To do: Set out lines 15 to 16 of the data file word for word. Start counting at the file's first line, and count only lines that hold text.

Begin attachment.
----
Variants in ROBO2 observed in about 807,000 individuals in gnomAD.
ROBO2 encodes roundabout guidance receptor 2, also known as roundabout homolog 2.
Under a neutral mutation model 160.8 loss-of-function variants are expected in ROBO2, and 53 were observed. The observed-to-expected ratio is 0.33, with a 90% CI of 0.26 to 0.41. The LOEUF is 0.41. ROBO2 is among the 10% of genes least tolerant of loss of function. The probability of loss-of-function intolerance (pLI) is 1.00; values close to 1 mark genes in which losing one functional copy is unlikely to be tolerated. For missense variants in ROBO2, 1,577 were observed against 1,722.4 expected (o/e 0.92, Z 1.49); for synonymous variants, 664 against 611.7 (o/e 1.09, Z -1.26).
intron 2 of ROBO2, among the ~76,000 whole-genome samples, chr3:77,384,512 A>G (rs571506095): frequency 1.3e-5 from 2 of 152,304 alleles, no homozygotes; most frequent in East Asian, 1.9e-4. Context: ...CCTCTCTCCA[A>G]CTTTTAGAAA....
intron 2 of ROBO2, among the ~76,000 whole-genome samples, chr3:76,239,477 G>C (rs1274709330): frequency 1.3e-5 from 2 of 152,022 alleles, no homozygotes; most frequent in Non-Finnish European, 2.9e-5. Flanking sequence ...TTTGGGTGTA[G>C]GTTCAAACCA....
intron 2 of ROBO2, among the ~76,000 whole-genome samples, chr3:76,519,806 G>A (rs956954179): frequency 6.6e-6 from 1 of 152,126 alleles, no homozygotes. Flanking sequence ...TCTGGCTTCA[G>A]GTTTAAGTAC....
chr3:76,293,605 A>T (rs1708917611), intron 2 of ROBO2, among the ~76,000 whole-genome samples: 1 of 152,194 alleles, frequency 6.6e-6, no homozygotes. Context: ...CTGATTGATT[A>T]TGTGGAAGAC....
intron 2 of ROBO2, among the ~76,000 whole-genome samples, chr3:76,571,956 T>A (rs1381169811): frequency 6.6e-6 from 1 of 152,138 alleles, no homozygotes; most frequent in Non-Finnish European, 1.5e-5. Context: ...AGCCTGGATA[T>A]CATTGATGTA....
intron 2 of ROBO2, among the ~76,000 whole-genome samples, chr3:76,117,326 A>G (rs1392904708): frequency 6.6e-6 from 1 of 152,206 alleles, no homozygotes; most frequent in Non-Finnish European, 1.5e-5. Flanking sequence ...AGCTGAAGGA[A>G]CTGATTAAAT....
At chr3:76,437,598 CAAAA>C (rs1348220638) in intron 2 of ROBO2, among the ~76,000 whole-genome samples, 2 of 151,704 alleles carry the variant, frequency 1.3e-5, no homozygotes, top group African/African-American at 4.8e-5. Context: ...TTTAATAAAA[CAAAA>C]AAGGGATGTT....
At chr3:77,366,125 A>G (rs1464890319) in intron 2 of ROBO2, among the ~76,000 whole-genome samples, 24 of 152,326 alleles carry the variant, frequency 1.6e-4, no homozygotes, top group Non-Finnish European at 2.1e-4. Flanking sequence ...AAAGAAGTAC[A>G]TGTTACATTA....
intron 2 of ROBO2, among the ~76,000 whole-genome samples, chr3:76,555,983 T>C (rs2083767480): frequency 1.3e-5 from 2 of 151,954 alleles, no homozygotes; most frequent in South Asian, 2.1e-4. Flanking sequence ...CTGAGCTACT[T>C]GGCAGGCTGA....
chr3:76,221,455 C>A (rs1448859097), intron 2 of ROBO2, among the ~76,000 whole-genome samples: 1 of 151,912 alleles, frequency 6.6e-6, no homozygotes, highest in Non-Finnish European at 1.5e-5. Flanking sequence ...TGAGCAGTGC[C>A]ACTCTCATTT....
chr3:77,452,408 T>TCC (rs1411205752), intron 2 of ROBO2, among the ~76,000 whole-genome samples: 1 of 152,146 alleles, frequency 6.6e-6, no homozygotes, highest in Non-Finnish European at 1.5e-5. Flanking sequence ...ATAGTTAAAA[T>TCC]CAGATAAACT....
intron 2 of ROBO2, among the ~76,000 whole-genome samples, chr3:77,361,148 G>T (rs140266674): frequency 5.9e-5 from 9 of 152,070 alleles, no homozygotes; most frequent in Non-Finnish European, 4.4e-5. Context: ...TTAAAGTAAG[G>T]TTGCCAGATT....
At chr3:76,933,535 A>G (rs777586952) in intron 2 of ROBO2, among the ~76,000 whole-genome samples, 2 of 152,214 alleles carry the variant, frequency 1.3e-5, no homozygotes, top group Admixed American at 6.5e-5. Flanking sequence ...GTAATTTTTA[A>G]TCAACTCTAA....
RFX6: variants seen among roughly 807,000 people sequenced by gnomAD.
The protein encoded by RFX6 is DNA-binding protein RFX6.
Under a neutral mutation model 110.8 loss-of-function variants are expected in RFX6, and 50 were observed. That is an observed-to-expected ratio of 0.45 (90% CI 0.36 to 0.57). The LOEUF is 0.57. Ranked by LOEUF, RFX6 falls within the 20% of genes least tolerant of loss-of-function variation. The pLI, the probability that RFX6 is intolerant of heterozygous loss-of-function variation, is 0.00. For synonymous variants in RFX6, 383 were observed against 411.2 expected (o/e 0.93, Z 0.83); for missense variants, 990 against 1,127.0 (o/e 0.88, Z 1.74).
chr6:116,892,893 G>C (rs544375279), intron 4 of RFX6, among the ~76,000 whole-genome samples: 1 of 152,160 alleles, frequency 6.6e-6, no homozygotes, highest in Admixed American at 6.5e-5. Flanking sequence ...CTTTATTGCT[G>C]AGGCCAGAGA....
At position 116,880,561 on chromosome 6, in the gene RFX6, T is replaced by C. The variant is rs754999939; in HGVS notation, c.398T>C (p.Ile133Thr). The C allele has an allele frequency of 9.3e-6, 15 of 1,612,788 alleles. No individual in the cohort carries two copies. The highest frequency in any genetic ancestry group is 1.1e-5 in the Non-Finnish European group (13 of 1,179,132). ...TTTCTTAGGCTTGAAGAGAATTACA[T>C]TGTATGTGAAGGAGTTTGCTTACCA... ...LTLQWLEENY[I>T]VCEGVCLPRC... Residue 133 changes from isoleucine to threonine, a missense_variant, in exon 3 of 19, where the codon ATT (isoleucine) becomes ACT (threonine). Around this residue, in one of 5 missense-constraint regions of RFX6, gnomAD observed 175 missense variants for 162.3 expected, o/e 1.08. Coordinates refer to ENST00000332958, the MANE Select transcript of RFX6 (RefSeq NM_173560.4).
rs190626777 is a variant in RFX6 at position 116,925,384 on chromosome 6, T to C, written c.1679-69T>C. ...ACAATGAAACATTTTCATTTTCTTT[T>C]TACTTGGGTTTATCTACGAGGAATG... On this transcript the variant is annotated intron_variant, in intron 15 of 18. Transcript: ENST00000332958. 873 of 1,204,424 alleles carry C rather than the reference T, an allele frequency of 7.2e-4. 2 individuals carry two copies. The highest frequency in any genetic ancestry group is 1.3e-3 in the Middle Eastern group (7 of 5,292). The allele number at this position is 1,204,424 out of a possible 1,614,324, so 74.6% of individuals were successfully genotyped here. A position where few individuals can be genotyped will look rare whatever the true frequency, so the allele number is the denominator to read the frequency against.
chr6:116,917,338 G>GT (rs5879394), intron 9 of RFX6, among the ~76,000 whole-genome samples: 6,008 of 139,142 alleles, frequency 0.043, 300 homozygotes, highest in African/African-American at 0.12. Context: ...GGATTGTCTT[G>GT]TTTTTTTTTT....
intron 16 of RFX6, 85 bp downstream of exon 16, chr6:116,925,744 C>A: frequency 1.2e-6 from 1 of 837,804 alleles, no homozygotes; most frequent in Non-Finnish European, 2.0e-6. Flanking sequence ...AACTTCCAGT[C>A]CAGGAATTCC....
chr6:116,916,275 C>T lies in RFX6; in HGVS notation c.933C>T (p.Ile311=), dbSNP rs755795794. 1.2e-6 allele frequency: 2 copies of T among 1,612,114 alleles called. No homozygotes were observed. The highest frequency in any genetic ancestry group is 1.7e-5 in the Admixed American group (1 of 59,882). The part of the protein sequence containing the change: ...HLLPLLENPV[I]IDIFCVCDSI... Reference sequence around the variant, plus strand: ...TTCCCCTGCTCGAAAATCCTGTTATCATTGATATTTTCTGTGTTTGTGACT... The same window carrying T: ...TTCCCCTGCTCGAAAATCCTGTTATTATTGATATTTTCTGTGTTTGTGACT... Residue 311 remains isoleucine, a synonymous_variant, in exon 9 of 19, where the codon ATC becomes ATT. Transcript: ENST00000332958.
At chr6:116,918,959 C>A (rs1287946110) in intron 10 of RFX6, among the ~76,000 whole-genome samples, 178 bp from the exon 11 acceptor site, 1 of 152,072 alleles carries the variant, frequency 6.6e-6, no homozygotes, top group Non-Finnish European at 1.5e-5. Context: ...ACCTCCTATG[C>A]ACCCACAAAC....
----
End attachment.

intron 2 of ROBO2, among the ~76,000 whole-genome samples, chr3:77,361,148 G>T (rs140266674): frequency 5.9e-5 from 9 of 152,070 alleles, no homozygotes; most frequent in Non-Finnish European, 4.4e-5. Context: ...TTAAAGTAAG[G>T]TTGCCAGATT....
At chr3:76,933,535 A>G (rs777586952) in intron 2 of ROBO2, among the ~76,000 whole-genome samples, 2 of 152,214 alleles carry the variant, frequency 1.3e-5, no homozygotes, top group Admixed American at 6.5e-5. Flanking sequence ...GTAATTTTTA[A>G]TCAACTCTAA....